Are you high maintenance? Here’s the test!

It’s okay to be a little high maintenance but if you’re finding yourself getting too wrapped up in beauty and material things you may want to take a step back and practice simplicity in your life.

Here’s a simple check list to see where you are on the high maintenance spectrum. Simply add up all of the things you do or relate to and see your score at the bottom.

  • bi-weekly nail appointments
  • gel nails
  • monthly lash extensions
  • 2 week lash touch ups
  • dining out more than meals at home
  • bi-weekly wax appointments
  • buying bling once every month or two
  • more then one visit to the hair salon every month
  • purchasing a daily coffee beverage
  • you sport a fake tan at all times or you spend too much time bathing in the sun
  • can’t leave the house without makeup
  • new clothes makes you feel better
  • you go into Sephora to browse and always leave with over $60 worth of products
  • only brand name or designer labels for purses, clothes or accessories
  • you constantly check in the mirror
  • your selfie game is strong and you post more of you then anything else on social media
  • change outfits several times a day
  • need a present bought for you to feel loved
  • only bottled water not tap
  • 4 or 5 star hotels only
  • have a need to get the newest gadget or device (Fitbit, Iphone, etc.)
  • will not shop second hand for clothes
  • you love and thrive being the centre of attention
  • you will purchase only the cutest clothes for your kids from well recognized online shops
  • you love posting #ootd pictures
  • you justify purchasing something with “it was on sale”
  • you love to online shop everything and anything
  • you’d rather purchase a book then go to the library
  • only the best and most recommended shampoos, conditioners and hair serums are in your shower
  • your car is your “baby”, your pride and joy
  • you change your vehicle every two-three years
  • your child has a large selection of toys at all times
  • you spend small stuff without thinking or without a budget
  • you purchase larger items without checking with your spouse
  • you brag about your latest run or exercise you did
  • you take pictures while working out

 

1-2 things: Not bad, but could always improve! Practice simplicity by taking a break from those high maintenance things for even just a month! You’d be surprised at how good you feel and what you learn about yourself.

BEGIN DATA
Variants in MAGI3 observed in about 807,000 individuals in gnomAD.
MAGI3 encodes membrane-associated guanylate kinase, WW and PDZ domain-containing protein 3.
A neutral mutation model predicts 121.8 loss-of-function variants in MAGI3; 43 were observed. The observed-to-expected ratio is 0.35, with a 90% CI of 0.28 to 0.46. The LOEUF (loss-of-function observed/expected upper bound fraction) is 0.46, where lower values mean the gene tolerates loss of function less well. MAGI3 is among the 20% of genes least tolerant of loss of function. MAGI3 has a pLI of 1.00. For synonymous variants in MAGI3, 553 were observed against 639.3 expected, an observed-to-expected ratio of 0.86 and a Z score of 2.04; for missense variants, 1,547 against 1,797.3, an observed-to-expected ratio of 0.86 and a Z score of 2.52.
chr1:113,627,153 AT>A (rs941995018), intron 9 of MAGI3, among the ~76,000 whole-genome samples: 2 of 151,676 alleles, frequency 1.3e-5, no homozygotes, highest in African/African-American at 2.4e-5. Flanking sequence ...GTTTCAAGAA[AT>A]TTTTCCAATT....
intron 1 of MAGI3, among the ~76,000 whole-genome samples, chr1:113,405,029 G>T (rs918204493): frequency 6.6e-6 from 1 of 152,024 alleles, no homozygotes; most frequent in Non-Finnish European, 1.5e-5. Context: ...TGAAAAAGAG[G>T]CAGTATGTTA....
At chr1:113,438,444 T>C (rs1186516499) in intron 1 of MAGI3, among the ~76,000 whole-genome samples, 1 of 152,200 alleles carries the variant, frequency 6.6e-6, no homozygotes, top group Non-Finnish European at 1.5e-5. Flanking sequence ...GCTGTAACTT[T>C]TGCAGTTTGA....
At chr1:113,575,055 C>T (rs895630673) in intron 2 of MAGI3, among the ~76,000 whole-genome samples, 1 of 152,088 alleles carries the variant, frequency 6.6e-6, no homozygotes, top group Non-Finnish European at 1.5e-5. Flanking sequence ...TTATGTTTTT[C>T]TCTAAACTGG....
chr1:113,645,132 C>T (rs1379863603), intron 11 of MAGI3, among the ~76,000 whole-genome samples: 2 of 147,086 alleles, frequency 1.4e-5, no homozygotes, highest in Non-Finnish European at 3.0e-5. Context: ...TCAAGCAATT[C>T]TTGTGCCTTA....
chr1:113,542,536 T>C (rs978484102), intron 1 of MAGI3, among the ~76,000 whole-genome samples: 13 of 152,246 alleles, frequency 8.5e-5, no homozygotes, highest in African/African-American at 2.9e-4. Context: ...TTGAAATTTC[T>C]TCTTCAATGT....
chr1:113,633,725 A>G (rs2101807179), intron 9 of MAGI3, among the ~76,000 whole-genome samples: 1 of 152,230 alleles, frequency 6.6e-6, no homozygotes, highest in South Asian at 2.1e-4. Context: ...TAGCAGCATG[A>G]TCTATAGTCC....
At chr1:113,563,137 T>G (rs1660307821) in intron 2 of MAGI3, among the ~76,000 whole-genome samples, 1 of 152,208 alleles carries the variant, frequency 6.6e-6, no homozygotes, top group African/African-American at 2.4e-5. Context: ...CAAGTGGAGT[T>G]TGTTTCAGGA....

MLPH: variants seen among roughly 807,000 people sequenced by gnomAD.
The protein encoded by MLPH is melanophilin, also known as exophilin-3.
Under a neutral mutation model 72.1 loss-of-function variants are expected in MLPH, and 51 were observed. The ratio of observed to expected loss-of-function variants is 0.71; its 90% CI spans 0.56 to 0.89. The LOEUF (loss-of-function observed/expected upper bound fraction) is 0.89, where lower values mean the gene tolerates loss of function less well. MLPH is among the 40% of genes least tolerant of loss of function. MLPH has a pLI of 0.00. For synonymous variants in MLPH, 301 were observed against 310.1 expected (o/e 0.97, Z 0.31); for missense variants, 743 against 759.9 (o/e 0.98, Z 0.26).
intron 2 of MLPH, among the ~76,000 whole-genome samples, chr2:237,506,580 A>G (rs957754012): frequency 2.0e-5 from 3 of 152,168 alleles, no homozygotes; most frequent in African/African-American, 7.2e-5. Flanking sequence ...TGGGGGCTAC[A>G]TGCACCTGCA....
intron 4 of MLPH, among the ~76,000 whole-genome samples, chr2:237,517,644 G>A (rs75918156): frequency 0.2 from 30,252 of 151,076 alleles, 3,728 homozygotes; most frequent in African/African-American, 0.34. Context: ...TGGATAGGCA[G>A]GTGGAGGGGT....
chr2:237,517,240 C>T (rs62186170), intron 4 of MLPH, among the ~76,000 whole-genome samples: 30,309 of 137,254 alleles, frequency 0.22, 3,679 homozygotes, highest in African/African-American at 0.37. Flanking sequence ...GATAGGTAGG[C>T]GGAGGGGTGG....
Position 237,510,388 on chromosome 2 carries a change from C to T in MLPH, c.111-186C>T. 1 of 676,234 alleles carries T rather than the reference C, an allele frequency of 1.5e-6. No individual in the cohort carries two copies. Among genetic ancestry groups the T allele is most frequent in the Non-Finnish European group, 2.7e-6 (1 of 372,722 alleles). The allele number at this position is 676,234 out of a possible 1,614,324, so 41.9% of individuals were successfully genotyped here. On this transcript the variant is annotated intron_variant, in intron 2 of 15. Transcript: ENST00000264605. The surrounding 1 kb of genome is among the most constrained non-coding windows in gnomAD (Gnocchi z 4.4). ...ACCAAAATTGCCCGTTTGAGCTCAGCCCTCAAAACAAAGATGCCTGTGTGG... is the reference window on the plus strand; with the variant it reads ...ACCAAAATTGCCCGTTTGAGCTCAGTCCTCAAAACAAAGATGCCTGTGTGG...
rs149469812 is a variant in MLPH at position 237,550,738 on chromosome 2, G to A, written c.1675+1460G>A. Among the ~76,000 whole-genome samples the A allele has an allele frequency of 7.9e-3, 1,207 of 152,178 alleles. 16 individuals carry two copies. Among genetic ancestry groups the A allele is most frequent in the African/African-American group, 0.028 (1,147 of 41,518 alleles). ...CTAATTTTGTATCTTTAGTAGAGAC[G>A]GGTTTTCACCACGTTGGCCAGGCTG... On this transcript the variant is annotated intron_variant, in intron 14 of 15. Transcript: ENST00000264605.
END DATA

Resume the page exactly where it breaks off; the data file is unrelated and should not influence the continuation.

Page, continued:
3-5 things: Not horrible, but you’re getting to the point where you can start justifying these high maintenance patterns. You may start thinking “but I have the money to treat myself”, “my partner approves of these habits” or “I know people who are way worse then me”. Take a step back, cut a few things and return to simplicity.

6-10 things or more: These high maintenance tendencies have started off with just little things you did for yourself, but have quickly become an addiction and a habit in your life. You may find that your looks and your self worth are defined by material things and your bank account has more spending then saving. You need to evaluate your situation and ask yourself what your priorities in life are. Who is looking up to you right now? Do you want them to know you as being a high maintenance spouse, mom/dad, sister/brother or friend? What is God asking of you?

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2 thoughts on “Are you high maintenance? Here’s the test!

  1. Sara Ghaffari says:

    I don’t feel tests like this make the world a more loving place. For some, simplicity as you define it, is a luxury. Some women may have bi-weekly wax appointments because they have POS and would otherwise have a beard, and if they choose not to rock a beard, why are we judging them? Some women want lash work done because they’ve rubbed away all their natural lashes due to bad allergies. Some people need those daily coffee purchases because it’s the one little part of the day where they get to do a little self-lovin’ because the rest of the day they are working for others (my mother spends twelve hours a day helping those struggling with chronic pain and addiction. She is exhausted when she comes home, and every morning she purchases herself a Starbuck’s coffee on her way to work because it’s her one little routine that makes her happy). I worry about sharing these kinds of lists, as they are short-sighted and reduce people to their behaviors (not actions with intentions). Thinking of others in terms of high maintenance does not spread love, care, and understanding for others and perhaps the secret hidden struggles they face. Those books you buy can become future gifts, you know? I feel we should stop judging others for how they choose to live their lives so long as their lives are not a harm or burden on others. You are not automatically a kinder person or more “care free” or easy to deal with because you forego a dinner out, or wash your hair with generic soap. You might still be a nasty person in second-hand clothes. I think it goes, “Don’t judge a book by its cover,” not “Don’t judge a book by its cover, so long as its a library book.”

    Like

    • josephinecaitlinadams says:

      Great insight! Thanks for leaving your thoughts. I do think everything in moderation. The point of this list was to just get readers to stop and think of their motives and if they think personally there needs to be changes with their spending and lifestyle.

      All the best πŸ™‚

      Like

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